# Prove that if $\{a_n\}$ converges to $a$ and $|a| < 1$, then $\{a_n^n\}$ converges to 0

Prove that if $\{a_n\}$ converges to $a$ and $|a| < 1$, then $\{(a_n)^n\}$ converges to 0.

This is what I have currently done. Please let me know if there is something wrong or if there is any other advice that you could provide to help me finish this.

Suppose $\{a_n\}$ converges to $a$ and $|a| < 1$. Since $\{a_n\}$ converges, then we know that $\{a_n\}$ is bounded. So there exists $M$ such that $|a_n| \leq M$. Then $-M \leq a_n \leq M$ for all $n$.

So I guess the problem that I am having is how to get M to be equal to 1. Thanks in advance.

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For clarity let's take $a$ positive. Let $1-a=c$. Use the "$\epsilon$-$N$" definition of limit to show that there is an $N$ such that if $n >N$ then $|a_n-a|<c/2$. This forces $a_n$ to be less than $1-c/2$ (and, to be technical, $>-1/2$). Now large powers get us close to $0$. – André Nicolas Oct 5 '11 at 7:14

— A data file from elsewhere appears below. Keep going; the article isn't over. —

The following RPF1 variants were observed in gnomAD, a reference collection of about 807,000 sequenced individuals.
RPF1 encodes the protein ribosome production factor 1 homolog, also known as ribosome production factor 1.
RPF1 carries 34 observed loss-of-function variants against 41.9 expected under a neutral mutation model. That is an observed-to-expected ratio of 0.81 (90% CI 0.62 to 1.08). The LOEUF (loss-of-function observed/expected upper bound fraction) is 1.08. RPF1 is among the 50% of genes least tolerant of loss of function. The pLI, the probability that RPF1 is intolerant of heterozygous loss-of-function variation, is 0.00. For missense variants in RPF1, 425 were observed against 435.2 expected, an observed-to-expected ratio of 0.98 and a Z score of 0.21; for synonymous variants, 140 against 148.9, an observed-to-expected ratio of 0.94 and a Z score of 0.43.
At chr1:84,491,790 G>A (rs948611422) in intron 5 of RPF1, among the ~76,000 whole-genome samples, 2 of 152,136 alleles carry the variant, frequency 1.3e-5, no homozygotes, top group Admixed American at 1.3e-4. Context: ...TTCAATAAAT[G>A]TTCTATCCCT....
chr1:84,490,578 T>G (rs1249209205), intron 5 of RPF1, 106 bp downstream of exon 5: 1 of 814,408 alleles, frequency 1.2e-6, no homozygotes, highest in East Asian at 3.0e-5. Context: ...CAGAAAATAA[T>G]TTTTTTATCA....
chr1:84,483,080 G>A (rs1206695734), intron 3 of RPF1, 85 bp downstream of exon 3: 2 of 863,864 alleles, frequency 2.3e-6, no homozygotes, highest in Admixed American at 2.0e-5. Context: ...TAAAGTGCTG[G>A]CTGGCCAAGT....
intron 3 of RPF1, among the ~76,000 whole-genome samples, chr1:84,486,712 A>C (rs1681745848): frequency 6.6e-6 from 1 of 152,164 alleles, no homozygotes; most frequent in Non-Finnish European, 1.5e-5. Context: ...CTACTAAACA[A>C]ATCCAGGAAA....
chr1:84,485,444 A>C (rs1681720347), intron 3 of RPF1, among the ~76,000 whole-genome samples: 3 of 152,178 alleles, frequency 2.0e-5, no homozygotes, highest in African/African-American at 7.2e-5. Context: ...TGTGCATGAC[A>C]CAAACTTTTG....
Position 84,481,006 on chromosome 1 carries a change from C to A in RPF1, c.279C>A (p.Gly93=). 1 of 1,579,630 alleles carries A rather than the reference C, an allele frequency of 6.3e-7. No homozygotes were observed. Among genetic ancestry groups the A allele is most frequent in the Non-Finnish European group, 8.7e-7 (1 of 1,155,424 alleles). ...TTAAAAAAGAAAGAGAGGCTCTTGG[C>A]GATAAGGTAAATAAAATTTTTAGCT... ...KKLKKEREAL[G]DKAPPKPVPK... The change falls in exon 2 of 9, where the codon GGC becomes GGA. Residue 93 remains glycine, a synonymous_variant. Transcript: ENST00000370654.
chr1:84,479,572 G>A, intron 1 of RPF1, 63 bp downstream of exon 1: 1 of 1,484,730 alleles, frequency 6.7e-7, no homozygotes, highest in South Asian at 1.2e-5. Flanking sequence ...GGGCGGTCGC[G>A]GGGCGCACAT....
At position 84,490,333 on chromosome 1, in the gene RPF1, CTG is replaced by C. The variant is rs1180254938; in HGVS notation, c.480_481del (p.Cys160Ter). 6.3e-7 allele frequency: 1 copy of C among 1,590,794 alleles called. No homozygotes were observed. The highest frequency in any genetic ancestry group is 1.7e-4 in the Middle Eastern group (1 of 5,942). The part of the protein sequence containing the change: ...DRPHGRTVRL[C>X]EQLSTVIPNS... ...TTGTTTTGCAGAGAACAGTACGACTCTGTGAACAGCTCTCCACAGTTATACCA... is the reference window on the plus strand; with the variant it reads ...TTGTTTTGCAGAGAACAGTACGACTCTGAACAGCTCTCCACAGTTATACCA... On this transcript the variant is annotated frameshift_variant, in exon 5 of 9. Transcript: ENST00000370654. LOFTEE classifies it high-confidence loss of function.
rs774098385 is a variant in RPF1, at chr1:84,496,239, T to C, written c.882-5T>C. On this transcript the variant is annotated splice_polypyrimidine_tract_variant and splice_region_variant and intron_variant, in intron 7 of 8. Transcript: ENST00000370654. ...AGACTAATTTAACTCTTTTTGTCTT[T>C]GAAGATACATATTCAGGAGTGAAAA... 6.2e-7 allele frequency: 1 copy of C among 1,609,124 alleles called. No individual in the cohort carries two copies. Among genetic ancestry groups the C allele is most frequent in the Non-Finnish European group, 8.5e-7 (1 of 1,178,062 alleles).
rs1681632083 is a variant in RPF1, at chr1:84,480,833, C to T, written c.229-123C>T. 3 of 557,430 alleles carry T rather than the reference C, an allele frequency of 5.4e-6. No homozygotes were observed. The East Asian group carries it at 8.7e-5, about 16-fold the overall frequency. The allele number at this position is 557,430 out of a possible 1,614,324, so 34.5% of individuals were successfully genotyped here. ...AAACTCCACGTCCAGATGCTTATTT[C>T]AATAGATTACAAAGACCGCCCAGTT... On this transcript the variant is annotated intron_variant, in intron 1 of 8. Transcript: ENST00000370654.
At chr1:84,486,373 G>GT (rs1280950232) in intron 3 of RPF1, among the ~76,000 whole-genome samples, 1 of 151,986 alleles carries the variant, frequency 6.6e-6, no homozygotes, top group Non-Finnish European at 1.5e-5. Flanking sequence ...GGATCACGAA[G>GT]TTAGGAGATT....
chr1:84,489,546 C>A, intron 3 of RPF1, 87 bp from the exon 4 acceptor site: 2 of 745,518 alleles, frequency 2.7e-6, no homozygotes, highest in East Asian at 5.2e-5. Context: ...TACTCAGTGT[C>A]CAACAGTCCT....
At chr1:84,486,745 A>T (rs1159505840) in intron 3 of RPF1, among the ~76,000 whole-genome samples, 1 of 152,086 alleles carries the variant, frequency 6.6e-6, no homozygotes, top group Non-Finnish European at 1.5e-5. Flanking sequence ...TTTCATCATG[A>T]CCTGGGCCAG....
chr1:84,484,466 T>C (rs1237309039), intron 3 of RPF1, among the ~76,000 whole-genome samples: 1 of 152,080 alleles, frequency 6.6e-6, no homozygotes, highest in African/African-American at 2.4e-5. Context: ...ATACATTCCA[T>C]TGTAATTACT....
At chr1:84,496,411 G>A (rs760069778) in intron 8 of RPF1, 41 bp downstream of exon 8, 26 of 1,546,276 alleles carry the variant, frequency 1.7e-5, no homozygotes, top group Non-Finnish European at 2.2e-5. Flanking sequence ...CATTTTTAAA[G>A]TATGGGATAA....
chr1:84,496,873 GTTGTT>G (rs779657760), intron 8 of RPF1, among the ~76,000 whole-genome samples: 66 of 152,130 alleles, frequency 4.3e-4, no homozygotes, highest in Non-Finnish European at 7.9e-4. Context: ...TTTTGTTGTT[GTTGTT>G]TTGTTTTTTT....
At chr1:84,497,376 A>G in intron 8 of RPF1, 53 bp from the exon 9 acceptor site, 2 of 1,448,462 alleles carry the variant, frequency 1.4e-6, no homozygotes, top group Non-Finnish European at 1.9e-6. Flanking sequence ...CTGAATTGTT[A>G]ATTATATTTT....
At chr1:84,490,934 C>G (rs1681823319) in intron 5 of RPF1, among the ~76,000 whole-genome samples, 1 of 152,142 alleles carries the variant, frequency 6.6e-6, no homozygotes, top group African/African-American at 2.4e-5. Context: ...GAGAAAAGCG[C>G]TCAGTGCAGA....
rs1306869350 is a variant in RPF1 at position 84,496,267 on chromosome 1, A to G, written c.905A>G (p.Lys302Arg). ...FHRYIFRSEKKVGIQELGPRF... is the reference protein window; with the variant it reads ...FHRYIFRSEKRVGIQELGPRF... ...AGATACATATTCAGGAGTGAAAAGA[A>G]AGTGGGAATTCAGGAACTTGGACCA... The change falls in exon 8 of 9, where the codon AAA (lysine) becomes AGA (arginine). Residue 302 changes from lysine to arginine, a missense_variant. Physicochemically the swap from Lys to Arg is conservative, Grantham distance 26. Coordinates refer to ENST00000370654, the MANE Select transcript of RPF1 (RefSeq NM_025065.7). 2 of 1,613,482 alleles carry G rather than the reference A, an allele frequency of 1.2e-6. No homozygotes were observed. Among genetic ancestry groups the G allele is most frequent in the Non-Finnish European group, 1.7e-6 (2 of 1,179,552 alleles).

A hint: you haven't yet used the fact that the limit of the $a_n$, $|a|\lt 1$. Can you use that fact to be more specific about your bounds on $a_n$ for large $n$? A bigger hint: consider the classic definition of 'limit'; if you use an $\epsilon$ of ${1\over 2}(1-|a|)$, what can you say about the $a_n$ for (sufficiently) large $n$?
I don't know the $\epsilon - \delta$ definition of a 'limit'. I do know the $\epsilon$ definition. – Raghu Oct 5 '11 at 7:06
Mea culpa - that was just a late-night 'thinko' on my part. As André says, that should be the '$\epsilon$-$N$' definition. – Steven Stadnicki Oct 5 '11 at 14:28